When I was a boy, terrorists struck the Summer Olympics in Munich. Eleven members of the Israeli team and a German police officer were killed.
That event sent shock waves throughout the world, largely because it was unexpected. It took everyone by surprise.
But that was a different world, a world in which terrorist attacks didn't happen often.
It wasn't far removed from a time when airplane passengers didn't have to go through a series of security checks. They could simply walk onto their planes without their luggage or bodies being scanned for weapons or bombs. No one seems to have thought that a person might intend to seize control of a plane, maybe blow it out of the sky — at least, until people started hijacking planes.
Even then, no one seems to have imagined that a person might want to seize control of a plane with the specific intention of flying it into a building — at least, not until 19 terrorists did that very thing on Sept. 11, 2001.
Since then, America has been on alert at airports and on board airplanes. The Olympics came to Salt Lake City only a few months after the Sept. 11 attacks, and, with tens of thousands of participants and spectators visiting from other countries for two weeks, the world saw a model of security efficiency. Two other Winter Olympics — and three Summer Olympics — have been held since Sept. 11, and each has avoided a security catastrophe.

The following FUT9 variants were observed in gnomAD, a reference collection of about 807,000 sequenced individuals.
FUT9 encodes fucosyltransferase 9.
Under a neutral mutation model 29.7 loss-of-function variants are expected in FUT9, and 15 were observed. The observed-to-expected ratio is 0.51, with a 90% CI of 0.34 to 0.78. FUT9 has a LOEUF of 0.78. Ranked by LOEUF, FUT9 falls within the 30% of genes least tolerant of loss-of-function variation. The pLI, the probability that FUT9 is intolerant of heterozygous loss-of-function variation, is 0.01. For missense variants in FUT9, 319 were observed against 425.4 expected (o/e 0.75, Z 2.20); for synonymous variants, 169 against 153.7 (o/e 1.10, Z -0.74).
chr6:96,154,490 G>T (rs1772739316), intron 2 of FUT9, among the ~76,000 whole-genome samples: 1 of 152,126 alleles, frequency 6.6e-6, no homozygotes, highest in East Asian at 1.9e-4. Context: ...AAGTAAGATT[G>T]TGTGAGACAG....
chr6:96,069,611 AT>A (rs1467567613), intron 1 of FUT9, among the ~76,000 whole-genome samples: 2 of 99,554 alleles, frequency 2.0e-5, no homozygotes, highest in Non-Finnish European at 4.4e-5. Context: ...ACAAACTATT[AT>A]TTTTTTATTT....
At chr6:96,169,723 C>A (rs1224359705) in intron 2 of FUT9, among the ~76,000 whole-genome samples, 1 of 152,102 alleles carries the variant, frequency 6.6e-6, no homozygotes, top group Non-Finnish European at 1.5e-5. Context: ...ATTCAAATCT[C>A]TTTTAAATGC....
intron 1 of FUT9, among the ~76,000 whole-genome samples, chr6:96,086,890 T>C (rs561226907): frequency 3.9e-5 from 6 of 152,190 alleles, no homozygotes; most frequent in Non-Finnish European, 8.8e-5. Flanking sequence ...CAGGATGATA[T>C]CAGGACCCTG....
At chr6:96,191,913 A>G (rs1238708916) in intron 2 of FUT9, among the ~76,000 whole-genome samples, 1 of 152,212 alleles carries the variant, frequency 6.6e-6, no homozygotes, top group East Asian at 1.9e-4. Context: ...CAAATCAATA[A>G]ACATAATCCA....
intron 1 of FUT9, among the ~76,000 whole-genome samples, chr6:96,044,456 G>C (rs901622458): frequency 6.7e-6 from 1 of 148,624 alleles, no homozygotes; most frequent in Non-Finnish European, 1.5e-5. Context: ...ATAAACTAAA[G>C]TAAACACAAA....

Americans, I have learned, tend to believe that, if they are acutely aware of something or diligent about something, the rest of the world is, too. Perhaps the last six Olympic Games have lulled Americans into a false sense of security, believing that each host country is just as serious about terrorism prevention as we are.
But that is a dangerous assumption to make in today's world.
And I am anxious about the Winter Olympics that officially get under way this weekend in Russia.
Kelly Whiteside wrote in USA Today this week that the appearance of tight security promotes a sense of comfort, but, as Caitlin Dewey and Max Fisher write in the Washington Post, reports of suicide bombers and online threats prompted a travel alert from the State Department. Doesn't sound to me like Sochi is very secure.
Most of the people with whom I have spoken in the last week or so agree with me — that a terrorist attack during the Olympics is likely.
I hope I'm wrong about that. I don't want to see any athlete or coach or spectator hurt or killed.
But if it happens, I am pretty sure I know what the reaction will be: Most people will be sad. Most probably will be angry. Most also probably will feel a sense of revulsion.
But few, if any, will be surprised.
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